The evolution of MUSS 2.0

Soft-kill active protection

HENSOLDT’s Multifunctional Self Protection System (MUSS) has provided protection to frontline vehicle crews for several years now, and remains one of the only mature and proven soft-kill systems available on the market. But HENSOLDT is not standing still and is advancing with plans that will see MUSS optimised even further: Welcome to MUSS 2.0.

The game of cat and mouse

Ever since the invention of the first armoured vehicle for the battlefield, there have been efforts by opposing forces to employ weapons that can defeat them. This game of cat and mouse continues into the 21st century, and as armoured vehicles become more advanced, so too does the weaponry that can be used against them.

This is especially true when we look at anti-tank guided missiles (ATGMs), which have been used for decades on the battlefield with devastating effect.

Despite the “tank” in the name, ATGMs are used against all kinds of armoured vehicles. In recent conflicts, wire-guided ATGMs have once again proven as a key weapon for destroying armoured capabilities and denying forces the freedom to roam across the battlefield and achieve key tactical objectives.

More and more ATGMs are also finding their ways into the hands of asymmetric forces, which can blunt the capabilities of more advanced militaries with tanks and infantry fighting vehicles.

Soft-kill active protection

The traditional answer to the ATGM threat has been to add more armour to a vehicle, usually in the form of thick steel plates or even explosive reactive armour. Unfortunately, this affects the two other important aspects of armoured vehicle design: mobility and firepower.

Adding heavy armour means that a vehicle lacks speed and often cannot traverse rough terrain in an effective way, while it may also restrict how much ammunition it can carry or the size of the weapon system. This is clearly not a favourable situation for forces that operate in challenging conditions and need to outgun the enemy during engagements.

This was the challenge that HENSOLDT addressed with MUSS.

“The idea of MUSS is to have low size, weight and power so it does not impact the other characteristics of the vehicle.”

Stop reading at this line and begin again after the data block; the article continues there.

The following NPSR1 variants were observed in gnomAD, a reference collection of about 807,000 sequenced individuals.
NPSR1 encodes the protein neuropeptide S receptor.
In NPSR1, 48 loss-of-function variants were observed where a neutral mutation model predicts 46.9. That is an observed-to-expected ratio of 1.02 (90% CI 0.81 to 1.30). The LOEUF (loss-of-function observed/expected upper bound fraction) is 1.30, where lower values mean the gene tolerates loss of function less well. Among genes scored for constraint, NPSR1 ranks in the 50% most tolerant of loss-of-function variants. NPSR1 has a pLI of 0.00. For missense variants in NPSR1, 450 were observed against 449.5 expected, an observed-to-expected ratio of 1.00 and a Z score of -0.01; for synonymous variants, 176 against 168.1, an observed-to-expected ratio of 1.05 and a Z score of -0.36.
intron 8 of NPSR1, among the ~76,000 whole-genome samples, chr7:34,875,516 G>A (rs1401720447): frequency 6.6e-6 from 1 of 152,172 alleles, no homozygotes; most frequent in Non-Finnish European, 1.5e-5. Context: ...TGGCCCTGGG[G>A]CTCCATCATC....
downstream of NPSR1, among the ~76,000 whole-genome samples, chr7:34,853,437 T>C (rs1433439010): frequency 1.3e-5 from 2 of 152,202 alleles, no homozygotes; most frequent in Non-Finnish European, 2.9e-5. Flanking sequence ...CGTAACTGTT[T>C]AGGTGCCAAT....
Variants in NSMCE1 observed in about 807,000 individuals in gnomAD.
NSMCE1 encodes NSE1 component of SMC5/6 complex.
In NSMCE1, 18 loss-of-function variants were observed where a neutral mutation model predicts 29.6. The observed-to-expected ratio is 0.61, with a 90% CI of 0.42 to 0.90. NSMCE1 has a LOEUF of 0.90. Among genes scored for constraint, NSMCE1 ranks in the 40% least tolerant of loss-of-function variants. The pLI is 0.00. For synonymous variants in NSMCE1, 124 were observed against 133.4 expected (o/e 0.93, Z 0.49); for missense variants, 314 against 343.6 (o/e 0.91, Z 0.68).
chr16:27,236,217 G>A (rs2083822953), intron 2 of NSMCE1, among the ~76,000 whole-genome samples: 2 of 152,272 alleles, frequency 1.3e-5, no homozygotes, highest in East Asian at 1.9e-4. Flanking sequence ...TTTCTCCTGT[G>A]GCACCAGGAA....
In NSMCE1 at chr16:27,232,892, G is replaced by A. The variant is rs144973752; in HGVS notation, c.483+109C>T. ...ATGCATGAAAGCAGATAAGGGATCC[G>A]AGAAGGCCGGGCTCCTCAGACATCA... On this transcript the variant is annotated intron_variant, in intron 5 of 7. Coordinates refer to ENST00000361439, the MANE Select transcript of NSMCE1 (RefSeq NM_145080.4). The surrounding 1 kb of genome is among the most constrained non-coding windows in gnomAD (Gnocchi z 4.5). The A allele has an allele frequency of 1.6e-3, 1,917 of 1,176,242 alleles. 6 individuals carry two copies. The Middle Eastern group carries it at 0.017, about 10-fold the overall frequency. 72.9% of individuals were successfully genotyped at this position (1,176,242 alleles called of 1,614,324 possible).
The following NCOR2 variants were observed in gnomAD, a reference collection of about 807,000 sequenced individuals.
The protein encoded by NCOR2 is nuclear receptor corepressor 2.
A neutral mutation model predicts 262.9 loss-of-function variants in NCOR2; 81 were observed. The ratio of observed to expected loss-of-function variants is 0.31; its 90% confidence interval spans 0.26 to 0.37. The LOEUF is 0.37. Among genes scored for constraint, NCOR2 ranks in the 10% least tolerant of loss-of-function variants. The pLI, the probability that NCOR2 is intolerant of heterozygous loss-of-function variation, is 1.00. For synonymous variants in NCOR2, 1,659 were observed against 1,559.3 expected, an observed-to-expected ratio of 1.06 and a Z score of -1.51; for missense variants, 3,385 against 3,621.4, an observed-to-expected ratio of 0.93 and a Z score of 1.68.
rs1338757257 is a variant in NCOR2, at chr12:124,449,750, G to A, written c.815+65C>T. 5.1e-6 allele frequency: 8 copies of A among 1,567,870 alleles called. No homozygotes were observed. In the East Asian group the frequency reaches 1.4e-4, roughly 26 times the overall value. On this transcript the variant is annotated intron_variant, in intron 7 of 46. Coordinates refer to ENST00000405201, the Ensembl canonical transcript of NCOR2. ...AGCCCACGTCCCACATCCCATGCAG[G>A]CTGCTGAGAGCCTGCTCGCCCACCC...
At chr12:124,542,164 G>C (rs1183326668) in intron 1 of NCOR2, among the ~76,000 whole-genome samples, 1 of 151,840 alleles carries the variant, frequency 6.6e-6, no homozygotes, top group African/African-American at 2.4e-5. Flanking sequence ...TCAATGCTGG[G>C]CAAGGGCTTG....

Franck Friedlander
Sales Director Self-Protection Products at HENSOLDT

The MUSS soft-kill active protection system (APS) – called as such because it does not shoot at the incoming threats like “hard-kill” systems – was designed to rapidly detect an incoming missile and deploy laser-based jamming and smoke-based smart dispensers to neutralise the threat.

The core element of MUSS is the advanced sensors installed around the vehicle that can detect the radiation of a missile plume when it has been fired several kilometres away, as well as the enemy laser that is guiding the missile itself. This information from the MUSS Sensor Heads (MSHs) is then rapidly processed in a central computer (MUSS Central Electronics), alerting the crew on the direction of the threat and to prepare the correct countermeasure response.

Jamming of the missile launcher (which sends information to the missile itself) is achieved via the MUSS Jammer Head (MJH), which is placed high on the vehicle to ensure full 360-degree coverage.

MUSS can trace its roots back to the mid-2000s when an initial development contract was signed, and it has been on a successful development journey ever since. This has culminated in its full integration into the architecture of the German Army’s newest tracked IFV, the Puma. All MUSS units have now been delivered for the Army’s first batch of Puma vehicles.